Contact: Christoph Dellago
Christoph.Dellago@unvie.ac.at
43-142-775-1260
University of Vienna

Public Release: 31-Mar-2014
Advanced Healthcare Materials
Nano-paper filter removes viruses
Researchers at the Division of Nanotechnology and Functional Materials, Uppsala University have developed a paper filter, which can remove virus particles with the efficiency matching that of the best industrial virus filters. The paper filter consists of 100 percent high purity cellulose nanofibers, directly derived from nature.

Contact: Albert Mihranyan
albert.mihranyan@angstrom.uu.se
46-701-679-037
Uppsala University

Public Release: 30-Mar-2014
Nature Nanotechnology
Heat-conducting polymer cools hot electronic devices at 200 degrees C
By harnessing an electropolymerization process to produce aligned arrays of polymer nanofibers, researchers have developed a thermal interface material able to conduct heat 20 times better than the original polymer. The material can operate at up to 200 degrees Celsius.
National Science Foundation

Contact: John Toon
jtoon@gatech.edu
404-894-6986
Georgia Institute of Technology

Public Release: 28-Mar-2014
Nature Nanotechnology
Fabricating nanostructures with silk could make clean rooms green rooms
Tufts University engineers have demonstrated that it is possible to generate nanostructures from silk in an environmentally friendly process that uses water as a developing agent and standard fabrication techniques. This approach provides a green alternative to the toxic materials commonly used in nanofabrication while delivering fabrication quality comparable to conventional synthetic polymers. Nanofabrication is at the heart of manufacture of semi-conductors and other electronic and photonic devices.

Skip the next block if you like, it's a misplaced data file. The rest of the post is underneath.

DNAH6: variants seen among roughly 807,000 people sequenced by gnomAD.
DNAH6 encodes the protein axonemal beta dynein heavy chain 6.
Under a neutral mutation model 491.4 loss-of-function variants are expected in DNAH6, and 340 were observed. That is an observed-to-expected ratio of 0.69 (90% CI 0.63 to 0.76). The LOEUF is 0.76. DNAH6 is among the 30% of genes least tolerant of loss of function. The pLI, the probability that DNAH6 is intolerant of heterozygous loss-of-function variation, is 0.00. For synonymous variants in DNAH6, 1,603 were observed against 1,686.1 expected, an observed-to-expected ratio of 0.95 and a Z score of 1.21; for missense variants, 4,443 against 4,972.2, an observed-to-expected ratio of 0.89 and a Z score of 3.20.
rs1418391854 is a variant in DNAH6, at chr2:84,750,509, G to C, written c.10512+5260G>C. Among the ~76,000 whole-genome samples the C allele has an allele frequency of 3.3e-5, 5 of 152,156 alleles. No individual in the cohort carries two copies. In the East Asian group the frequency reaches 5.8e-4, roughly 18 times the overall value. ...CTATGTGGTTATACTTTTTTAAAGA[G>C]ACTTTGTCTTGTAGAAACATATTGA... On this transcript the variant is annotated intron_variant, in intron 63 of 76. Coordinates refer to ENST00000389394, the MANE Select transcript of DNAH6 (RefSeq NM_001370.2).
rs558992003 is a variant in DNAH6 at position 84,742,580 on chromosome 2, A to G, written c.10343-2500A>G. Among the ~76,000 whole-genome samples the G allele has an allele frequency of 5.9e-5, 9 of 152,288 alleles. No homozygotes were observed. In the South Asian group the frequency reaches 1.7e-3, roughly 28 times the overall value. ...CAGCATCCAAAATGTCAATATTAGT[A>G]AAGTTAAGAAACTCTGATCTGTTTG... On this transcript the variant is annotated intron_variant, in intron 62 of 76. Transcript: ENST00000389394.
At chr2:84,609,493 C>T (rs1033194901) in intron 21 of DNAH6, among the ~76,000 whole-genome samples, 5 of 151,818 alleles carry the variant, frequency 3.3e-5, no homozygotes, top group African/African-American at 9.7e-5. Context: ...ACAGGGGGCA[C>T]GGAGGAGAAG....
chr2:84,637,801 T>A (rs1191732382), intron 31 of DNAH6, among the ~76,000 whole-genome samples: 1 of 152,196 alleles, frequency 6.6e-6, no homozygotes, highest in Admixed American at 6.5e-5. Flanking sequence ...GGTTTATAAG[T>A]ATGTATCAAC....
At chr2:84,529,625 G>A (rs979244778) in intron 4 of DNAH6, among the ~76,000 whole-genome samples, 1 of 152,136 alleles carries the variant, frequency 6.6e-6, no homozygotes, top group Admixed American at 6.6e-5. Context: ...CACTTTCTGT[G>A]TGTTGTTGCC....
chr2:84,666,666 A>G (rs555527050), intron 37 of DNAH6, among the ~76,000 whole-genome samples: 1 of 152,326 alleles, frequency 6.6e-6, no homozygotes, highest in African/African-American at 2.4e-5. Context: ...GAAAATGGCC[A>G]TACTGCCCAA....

National Science Foundation, Office of Naval Research, Air Force Office of Scientific Research

Contact: Kim Thurler
kim.thurler@tufts.edu
617-627-3175
Tufts University

Public Release: 28-Mar-2014
Scientific Reports
Rainbow-catching waveguide could revolutionize energy technologies
Breakthrough photonics research at the University at Buffalo. could lead to more efficient photovoltaic cells, improved radar and stealth technology and a new way to recycle waste heat generated by machines into energy.
National Science Foundation